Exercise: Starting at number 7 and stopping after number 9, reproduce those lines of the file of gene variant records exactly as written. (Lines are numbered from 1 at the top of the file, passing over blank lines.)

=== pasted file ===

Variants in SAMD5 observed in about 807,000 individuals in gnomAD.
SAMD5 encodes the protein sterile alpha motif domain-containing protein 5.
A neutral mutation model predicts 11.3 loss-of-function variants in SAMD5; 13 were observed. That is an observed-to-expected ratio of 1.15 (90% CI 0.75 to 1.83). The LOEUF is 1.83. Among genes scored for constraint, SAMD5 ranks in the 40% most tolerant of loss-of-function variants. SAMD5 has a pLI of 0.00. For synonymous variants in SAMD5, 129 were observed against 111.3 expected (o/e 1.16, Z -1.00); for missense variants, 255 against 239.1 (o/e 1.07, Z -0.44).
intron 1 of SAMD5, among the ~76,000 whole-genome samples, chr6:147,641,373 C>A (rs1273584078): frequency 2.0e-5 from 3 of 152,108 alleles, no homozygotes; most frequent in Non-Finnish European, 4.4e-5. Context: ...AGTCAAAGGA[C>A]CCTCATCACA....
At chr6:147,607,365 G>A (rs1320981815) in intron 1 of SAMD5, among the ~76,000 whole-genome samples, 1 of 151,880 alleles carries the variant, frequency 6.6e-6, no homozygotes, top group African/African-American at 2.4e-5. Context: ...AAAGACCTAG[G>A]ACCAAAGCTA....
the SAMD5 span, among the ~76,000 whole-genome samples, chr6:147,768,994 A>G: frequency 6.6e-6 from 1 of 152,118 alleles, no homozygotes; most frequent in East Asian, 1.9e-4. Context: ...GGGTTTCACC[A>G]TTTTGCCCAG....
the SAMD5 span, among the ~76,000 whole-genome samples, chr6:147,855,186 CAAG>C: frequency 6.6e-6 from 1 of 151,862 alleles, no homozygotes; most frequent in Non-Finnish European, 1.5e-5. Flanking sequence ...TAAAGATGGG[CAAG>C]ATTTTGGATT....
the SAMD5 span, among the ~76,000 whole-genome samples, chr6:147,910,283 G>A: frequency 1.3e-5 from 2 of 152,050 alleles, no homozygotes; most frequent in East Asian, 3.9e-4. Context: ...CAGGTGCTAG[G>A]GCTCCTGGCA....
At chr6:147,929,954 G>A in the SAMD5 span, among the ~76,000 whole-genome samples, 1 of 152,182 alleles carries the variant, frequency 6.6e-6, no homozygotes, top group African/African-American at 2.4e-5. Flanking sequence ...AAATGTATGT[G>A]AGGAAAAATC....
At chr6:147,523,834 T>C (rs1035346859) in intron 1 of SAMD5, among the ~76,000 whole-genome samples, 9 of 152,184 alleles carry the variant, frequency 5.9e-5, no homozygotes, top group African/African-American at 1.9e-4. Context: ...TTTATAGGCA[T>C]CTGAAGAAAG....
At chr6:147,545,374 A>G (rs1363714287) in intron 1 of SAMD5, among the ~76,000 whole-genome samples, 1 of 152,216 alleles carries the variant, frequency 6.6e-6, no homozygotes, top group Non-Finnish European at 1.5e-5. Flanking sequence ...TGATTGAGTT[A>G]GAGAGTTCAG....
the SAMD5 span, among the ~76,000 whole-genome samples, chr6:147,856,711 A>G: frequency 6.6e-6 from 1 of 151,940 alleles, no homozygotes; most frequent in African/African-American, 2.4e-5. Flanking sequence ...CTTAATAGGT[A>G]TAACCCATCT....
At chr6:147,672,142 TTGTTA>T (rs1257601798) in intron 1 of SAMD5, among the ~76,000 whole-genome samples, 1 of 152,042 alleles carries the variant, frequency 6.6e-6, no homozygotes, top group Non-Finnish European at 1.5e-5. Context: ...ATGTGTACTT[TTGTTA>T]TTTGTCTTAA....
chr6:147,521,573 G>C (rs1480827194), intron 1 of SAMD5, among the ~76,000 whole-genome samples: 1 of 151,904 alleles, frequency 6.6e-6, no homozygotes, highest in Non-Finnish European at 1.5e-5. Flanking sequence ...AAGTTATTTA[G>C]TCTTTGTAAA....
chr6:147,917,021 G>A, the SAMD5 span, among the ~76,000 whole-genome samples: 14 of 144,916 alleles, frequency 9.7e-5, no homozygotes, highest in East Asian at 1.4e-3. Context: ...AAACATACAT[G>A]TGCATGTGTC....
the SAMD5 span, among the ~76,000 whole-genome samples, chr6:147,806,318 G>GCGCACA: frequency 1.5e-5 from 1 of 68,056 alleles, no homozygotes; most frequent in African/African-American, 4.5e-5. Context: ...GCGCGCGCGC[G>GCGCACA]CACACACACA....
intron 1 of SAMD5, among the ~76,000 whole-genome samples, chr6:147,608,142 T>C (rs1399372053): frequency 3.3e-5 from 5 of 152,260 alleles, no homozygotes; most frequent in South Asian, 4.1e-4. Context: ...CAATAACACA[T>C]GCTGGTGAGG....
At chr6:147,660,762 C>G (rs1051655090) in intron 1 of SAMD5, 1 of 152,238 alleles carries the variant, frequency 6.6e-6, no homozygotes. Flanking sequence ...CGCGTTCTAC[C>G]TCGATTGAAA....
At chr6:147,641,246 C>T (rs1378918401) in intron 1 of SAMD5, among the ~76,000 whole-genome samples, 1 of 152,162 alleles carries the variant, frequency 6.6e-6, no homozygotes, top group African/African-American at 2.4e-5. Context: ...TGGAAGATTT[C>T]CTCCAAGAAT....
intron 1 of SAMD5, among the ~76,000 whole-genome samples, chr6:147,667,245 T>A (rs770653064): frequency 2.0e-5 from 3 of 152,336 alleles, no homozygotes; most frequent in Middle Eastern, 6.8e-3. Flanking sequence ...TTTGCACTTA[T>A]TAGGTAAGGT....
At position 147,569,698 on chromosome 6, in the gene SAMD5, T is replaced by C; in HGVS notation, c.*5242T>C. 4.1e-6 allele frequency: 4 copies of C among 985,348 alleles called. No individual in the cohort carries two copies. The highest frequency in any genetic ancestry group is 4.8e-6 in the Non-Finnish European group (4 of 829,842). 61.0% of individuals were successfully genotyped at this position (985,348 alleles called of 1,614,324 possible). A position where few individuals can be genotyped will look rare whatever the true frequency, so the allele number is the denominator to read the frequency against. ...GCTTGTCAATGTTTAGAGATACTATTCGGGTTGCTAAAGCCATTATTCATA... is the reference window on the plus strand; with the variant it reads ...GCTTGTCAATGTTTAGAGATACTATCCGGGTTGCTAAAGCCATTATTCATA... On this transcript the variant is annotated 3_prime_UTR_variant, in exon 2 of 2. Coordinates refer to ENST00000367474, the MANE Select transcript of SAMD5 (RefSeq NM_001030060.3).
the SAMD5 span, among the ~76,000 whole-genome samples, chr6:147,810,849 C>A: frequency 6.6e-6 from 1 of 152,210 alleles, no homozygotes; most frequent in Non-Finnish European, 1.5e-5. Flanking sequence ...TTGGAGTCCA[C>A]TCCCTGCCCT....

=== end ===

the SAMD5 span, among the ~76,000 whole-genome samples, chr6:147,855,186 CAAG>C: frequency 6.6e-6 from 1 of 151,862 alleles, no homozygotes; most frequent in Non-Finnish European, 1.5e-5. Flanking sequence ...TAAAGATGGG[CAAG>C]ATTTTGGATT....
the SAMD5 span, among the ~76,000 whole-genome samples, chr6:147,910,283 G>A: frequency 1.3e-5 from 2 of 152,050 alleles, no homozygotes; most frequent in East Asian, 3.9e-4. Context: ...CAGGTGCTAG[G>A]GCTCCTGGCA....
At chr6:147,929,954 G>A in the SAMD5 span, among the ~76,000 whole-genome samples, 1 of 152,182 alleles carries the variant, frequency 6.6e-6, no homozygotes, top group African/African-American at 2.4e-5. Flanking sequence ...AAATGTATGT[G>A]AGGAAAAATC....